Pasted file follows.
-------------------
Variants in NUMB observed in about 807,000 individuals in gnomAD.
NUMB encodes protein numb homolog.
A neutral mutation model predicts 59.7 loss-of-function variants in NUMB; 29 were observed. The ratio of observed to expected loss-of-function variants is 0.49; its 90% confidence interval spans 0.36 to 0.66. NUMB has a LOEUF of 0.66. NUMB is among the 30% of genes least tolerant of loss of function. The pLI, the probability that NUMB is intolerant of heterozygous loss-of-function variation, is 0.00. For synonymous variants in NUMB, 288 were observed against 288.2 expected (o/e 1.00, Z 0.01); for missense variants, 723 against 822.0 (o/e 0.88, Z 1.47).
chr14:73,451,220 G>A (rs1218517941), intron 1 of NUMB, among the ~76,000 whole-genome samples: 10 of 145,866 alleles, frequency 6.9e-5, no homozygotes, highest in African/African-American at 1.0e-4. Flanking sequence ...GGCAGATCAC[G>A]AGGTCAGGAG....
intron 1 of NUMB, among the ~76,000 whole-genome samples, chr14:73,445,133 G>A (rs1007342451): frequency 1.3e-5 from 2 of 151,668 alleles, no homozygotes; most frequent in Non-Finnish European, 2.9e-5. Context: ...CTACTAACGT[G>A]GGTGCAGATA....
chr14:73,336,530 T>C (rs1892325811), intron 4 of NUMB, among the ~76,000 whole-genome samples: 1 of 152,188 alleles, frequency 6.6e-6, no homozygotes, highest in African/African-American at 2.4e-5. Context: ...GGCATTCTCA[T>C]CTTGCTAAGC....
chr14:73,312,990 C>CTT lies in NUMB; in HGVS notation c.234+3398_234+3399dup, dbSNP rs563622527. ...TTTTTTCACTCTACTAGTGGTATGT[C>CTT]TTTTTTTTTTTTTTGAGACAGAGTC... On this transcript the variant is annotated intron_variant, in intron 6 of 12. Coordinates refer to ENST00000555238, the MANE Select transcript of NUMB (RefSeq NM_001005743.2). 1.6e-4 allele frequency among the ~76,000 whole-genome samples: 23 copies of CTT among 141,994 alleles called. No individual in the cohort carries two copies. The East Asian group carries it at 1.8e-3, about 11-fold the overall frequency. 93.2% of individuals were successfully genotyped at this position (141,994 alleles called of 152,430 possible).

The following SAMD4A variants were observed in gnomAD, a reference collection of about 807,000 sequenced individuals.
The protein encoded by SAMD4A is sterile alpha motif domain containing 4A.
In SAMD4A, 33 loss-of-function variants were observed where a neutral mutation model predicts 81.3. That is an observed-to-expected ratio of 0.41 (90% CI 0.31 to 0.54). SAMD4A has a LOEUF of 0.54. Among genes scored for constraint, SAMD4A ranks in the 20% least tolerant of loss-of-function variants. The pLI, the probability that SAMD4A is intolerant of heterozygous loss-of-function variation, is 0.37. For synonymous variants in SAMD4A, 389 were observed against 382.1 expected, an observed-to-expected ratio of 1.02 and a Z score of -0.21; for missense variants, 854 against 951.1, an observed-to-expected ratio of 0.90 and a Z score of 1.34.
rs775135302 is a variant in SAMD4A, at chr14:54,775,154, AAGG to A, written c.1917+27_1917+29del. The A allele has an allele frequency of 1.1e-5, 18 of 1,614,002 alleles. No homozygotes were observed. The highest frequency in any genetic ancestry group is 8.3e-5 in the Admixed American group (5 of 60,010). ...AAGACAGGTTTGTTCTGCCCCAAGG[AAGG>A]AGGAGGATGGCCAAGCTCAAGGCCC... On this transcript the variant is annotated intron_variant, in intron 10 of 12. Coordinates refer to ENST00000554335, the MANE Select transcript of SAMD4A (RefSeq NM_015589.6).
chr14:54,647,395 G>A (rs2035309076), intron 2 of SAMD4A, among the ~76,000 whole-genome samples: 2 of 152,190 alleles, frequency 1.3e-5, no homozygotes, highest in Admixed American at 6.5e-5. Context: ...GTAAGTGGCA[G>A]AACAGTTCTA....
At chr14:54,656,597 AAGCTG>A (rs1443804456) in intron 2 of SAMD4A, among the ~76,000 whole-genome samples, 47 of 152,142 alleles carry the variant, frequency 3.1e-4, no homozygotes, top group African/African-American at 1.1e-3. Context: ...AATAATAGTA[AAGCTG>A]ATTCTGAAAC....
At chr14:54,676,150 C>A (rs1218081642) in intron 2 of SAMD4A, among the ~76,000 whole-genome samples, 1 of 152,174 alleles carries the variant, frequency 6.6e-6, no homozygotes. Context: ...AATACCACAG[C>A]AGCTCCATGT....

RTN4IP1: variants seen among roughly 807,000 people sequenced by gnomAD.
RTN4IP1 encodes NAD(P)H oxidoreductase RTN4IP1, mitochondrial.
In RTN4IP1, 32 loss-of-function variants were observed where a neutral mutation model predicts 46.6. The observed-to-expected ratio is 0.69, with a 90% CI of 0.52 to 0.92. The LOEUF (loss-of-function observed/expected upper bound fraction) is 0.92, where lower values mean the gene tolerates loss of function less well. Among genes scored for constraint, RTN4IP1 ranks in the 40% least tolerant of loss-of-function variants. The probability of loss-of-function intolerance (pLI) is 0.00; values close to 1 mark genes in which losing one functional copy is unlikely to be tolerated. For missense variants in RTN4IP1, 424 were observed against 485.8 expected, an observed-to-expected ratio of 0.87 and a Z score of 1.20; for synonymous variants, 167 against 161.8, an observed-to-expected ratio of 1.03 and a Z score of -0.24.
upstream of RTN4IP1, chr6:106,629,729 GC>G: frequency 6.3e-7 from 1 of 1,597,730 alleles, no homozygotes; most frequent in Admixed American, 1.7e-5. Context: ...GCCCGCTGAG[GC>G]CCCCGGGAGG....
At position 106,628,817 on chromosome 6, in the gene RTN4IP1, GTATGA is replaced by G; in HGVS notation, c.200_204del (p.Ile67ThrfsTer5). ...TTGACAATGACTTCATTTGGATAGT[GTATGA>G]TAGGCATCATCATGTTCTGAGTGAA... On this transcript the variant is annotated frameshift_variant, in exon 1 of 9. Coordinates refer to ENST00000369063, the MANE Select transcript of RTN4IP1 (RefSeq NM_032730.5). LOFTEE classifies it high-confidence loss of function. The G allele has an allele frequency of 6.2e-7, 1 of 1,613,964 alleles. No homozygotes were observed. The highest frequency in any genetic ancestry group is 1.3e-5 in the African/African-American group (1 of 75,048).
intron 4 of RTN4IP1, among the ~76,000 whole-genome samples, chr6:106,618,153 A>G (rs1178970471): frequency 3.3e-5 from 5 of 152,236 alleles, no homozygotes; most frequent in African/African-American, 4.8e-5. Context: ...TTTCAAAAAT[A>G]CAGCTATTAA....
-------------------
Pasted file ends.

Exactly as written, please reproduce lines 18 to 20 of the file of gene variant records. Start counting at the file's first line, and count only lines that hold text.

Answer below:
upstream of RTN4IP1, chr6:106,629,729 GC>G: frequency 6.3e-7 from 1 of 1,597,730 alleles, no homozygotes; most frequent in Admixed American, 1.7e-5. Context: ...GCCCGCTGAG[GC>G]CCCCGGGAGG....
At position 106,628,817 on chromosome 6, in the gene RTN4IP1, GTATGA is replaced by G; in HGVS notation, c.200_204del (p.Ile67ThrfsTer5). ...TTGACAATGACTTCATTTGGATAGT[GTATGA>G]TAGGCATCATCATGTTCTGAGTGAA... On this transcript the variant is annotated frameshift_variant, in exon 1 of 9. Coordinates refer to ENST00000369063, the MANE Select transcript of RTN4IP1 (RefSeq NM_032730.5). LOFTEE classifies it high-confidence loss of function. The G allele has an allele frequency of 6.2e-7, 1 of 1,613,964 alleles. No homozygotes were observed. The highest frequency in any genetic ancestry group is 1.3e-5 in the African/African-American group (1 of 75,048).
intron 4 of RTN4IP1, among the ~76,000 whole-genome samples, chr6:106,618,153 A>G (rs1178970471): frequency 3.3e-5 from 5 of 152,236 alleles, no homozygotes; most frequent in African/African-American, 4.8e-5. Context: ...TTTCAAAAAT[A>G]CAGCTATTAA....